But those political ties proved problematic when his close friend Richard Nixon resigned in the Watergate scandal, leaving Graham devastated and baffled.

Graham preached to more than 215 million people and is credited with converting more than 2.5 million people to Christianity, according to the Billy Graham Evangelical Association, which he founded in 1950. He crisscrossed the globe, from the Congo to New York City, where he attracted more than 200,000 people in his final “crusade” in 2005. It was Graham who founded Christianity Today to help unify the country’s evangelical movement and made the “My Answer” column a regular feature in more than 200 newspapers. Fifty-six times, Graham earned a spot on Gallup’s list of the top 10 most admired men in the world, surpassing runner-up Ronald Reagan by a massive margin.

William Franklin Graham Jr. was born near Charlotte, N.C. on Nov. 7, 1918. At age 16 he met an evangelist who inspired him to become a preacher and soon enrolled in Bob Jones University, a religious college in Greenville, South Carolina. He continued his studies at Florida Bible Institute and later Wheaton College in Illinois where he met his future wife, Ruth McCue Bell, the daughter of missionaries. His rise to prominence is traced to the front-page coverage that the Hearst newspapers gave to his 1949 Los Angeles revival.

Graham preached about the sinfulness of man, the wrath of hell, but the promise of redemption from a forgiving and loving God. Though some of his views were divisive, his message was often one that encouraged unity and he was therefore often called upon in moments of national tragedy to offer comfort to the grieving. After the Sept. 11 terrorist attacks, he addressed the nation from the National Cathedral, proclaiming that “God cares for us, whatever our ethnic, religious or political background may be.”

Graham celebrated his 95th birthday on November 7, 2013, surrounded by hundreds of well-wishers. In a video, that was recorded over the past year and played at the party, Graham delivered what is being characterized as his final sermon. He spoke of Jesus Christ's saving power and expressed concerns about America's future.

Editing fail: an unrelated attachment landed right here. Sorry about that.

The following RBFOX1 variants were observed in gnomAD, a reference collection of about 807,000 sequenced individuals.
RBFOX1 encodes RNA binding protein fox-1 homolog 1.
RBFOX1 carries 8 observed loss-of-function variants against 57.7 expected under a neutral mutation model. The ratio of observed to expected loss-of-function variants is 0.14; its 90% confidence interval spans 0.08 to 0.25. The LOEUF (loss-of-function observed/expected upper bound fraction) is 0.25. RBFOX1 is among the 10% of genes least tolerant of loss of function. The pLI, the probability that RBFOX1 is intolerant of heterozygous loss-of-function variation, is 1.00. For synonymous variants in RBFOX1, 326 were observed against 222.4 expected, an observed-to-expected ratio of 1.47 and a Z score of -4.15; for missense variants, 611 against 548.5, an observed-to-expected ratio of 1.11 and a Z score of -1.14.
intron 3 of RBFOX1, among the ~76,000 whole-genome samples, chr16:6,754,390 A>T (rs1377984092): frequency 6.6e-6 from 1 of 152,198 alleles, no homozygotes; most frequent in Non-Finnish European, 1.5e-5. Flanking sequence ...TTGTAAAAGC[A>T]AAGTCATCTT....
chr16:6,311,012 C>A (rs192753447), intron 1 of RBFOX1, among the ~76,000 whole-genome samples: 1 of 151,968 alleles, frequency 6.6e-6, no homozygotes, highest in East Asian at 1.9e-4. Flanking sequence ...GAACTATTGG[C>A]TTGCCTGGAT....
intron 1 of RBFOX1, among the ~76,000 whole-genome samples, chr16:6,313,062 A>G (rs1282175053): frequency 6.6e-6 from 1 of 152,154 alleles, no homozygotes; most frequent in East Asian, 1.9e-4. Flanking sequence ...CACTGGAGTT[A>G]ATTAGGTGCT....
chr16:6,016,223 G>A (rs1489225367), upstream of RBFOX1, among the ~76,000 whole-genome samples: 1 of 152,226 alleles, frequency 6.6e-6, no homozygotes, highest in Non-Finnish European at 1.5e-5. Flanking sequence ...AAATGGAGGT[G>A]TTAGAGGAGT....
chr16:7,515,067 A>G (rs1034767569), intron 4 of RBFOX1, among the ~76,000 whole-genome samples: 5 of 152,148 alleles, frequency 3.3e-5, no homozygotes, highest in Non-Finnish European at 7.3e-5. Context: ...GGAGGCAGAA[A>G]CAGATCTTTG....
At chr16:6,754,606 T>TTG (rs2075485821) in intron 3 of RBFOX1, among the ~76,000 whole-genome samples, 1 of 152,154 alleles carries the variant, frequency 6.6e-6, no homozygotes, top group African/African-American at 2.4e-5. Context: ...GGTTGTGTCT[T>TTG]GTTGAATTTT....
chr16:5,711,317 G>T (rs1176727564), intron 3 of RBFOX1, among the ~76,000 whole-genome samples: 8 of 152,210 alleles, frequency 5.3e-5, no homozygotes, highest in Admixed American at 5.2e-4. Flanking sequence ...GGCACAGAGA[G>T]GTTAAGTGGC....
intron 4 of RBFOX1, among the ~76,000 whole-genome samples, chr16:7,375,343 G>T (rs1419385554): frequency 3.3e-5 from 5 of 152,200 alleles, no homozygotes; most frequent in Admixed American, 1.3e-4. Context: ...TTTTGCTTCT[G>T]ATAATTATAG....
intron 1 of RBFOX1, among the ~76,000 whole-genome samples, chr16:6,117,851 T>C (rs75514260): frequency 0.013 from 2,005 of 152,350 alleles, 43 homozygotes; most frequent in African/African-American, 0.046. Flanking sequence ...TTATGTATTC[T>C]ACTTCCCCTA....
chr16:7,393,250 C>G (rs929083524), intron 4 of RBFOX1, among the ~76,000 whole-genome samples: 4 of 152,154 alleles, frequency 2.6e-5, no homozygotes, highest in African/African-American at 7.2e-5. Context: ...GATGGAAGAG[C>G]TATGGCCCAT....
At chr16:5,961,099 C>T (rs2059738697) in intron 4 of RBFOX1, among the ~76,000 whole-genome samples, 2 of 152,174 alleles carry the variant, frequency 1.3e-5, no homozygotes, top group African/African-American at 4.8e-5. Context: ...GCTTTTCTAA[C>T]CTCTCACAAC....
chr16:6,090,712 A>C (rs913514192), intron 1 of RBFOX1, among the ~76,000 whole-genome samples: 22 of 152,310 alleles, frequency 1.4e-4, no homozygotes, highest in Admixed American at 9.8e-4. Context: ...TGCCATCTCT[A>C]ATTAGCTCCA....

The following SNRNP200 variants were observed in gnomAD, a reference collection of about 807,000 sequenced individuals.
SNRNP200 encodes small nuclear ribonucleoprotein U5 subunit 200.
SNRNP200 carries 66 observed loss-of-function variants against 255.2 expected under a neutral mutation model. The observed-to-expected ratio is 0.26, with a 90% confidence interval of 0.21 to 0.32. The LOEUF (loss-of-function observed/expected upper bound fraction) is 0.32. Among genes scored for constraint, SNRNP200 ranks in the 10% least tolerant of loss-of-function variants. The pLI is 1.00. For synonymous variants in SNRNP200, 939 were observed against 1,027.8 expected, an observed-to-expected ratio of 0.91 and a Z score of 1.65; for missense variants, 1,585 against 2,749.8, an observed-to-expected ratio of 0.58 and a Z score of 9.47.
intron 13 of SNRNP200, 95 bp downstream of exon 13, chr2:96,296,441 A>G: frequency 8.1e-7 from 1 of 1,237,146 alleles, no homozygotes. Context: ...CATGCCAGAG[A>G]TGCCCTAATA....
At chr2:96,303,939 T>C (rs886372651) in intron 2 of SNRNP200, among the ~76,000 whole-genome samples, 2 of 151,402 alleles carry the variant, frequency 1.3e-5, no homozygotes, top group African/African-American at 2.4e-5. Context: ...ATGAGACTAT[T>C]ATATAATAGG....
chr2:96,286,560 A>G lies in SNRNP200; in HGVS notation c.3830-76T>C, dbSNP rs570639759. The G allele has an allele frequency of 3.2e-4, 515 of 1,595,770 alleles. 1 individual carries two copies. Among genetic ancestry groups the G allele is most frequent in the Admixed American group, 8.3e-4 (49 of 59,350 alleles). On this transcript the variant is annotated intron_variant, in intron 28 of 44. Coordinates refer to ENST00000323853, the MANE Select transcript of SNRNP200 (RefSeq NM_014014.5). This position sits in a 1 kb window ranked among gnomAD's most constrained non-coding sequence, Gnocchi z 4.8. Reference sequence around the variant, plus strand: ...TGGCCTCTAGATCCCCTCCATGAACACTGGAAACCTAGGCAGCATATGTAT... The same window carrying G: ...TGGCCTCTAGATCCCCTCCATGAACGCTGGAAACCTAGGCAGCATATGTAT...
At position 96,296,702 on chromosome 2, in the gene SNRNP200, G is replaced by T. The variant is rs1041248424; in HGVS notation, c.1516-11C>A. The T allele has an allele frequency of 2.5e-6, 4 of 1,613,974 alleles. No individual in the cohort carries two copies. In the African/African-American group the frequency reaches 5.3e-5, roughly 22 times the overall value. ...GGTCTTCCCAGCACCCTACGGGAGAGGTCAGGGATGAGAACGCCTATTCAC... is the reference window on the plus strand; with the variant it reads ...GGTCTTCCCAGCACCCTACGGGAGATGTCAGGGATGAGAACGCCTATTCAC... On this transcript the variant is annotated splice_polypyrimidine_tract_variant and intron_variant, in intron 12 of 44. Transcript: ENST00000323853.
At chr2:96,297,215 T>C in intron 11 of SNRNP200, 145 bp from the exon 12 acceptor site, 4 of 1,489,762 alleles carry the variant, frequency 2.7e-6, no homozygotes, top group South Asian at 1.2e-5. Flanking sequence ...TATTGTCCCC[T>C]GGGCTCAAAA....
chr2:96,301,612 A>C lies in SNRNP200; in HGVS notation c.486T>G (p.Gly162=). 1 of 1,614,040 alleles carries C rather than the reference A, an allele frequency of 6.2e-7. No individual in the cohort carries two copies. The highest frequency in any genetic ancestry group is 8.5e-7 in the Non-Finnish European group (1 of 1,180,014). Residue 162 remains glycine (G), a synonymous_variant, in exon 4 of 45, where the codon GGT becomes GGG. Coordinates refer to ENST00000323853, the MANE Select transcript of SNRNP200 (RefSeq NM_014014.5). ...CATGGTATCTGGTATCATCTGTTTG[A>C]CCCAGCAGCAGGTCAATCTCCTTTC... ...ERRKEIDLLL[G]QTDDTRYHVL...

"Our country's in great need of a spiritual awakening," he said. "There have been times that I've wept as I've gone from city to city and I've seen how far people have wandered from God."

Graham lost his wife Ruth in 2007 and will be buried by her at the Bill Graham Museum and Library. and is survived by their five children—Virginia Leftwich, Anne Morrow, Ruth Bell, William Franklin and Nelson Edman—19 grandchildren and many great-grandchildren.

Photo Credit: Getty Images, File]]>
<![CDATA[The Life and Times of Billy Graham]]> Wed, 21 Feb 2018 05:37:52 -0800 https://media.nbclosangeles.com/images/213*120/graham-in-color.jpg Christian Evangelist minister, Billy Graham, spread the word of God across America and the globe through his sermons and international crusades. Take a look back at his life in photos.

<![CDATA[3 Children Swipe Package Off Porch of Loma Linda Home]]> Tue, 20 Feb 2018 20:34:26 -0800 https://media.nbclosangeles.com/images/213*120/Package_Thieves_022018.jpg

Porch package thieves have struck again, but this time cameras captured kids in the act at a Loma Linda home.

Little did they know, homeowner Jon Frederico had a video surveillance system called Ring installed on his doorbell.

"It's shocking. It's something you don't want to see, especially in your neighborhood," Frederico said.

At about 11:15 a.m. Monday, Frederico received a notification on his ring device confirming the delivery of his two packages containing electrical outlets for a home improvement project.

However, when he arrived home later that day, the packages were nowhere to be found.

Frederico then checked his home surveillance footage, shocked to find that the porch package thieves could be no more than 9 to 12 years old.

In the surveillance video, three kids can be seen walking towards Frederico’s home.

The two older children appear to coax the youngest boy to grab the package from the front porch while they keep an eye out on the front lawn.

The little boy can be seen scurrying towards the porch to quickly swipe the package, stumbling briefly on his run back to his older friends. The little boy then delivered the packages to the older boy in a dark hoodie and the three walk away. 

Frederico reported the theft to the San Bernardino County Sheriff’s Department who have yet to identify the young porch thieves.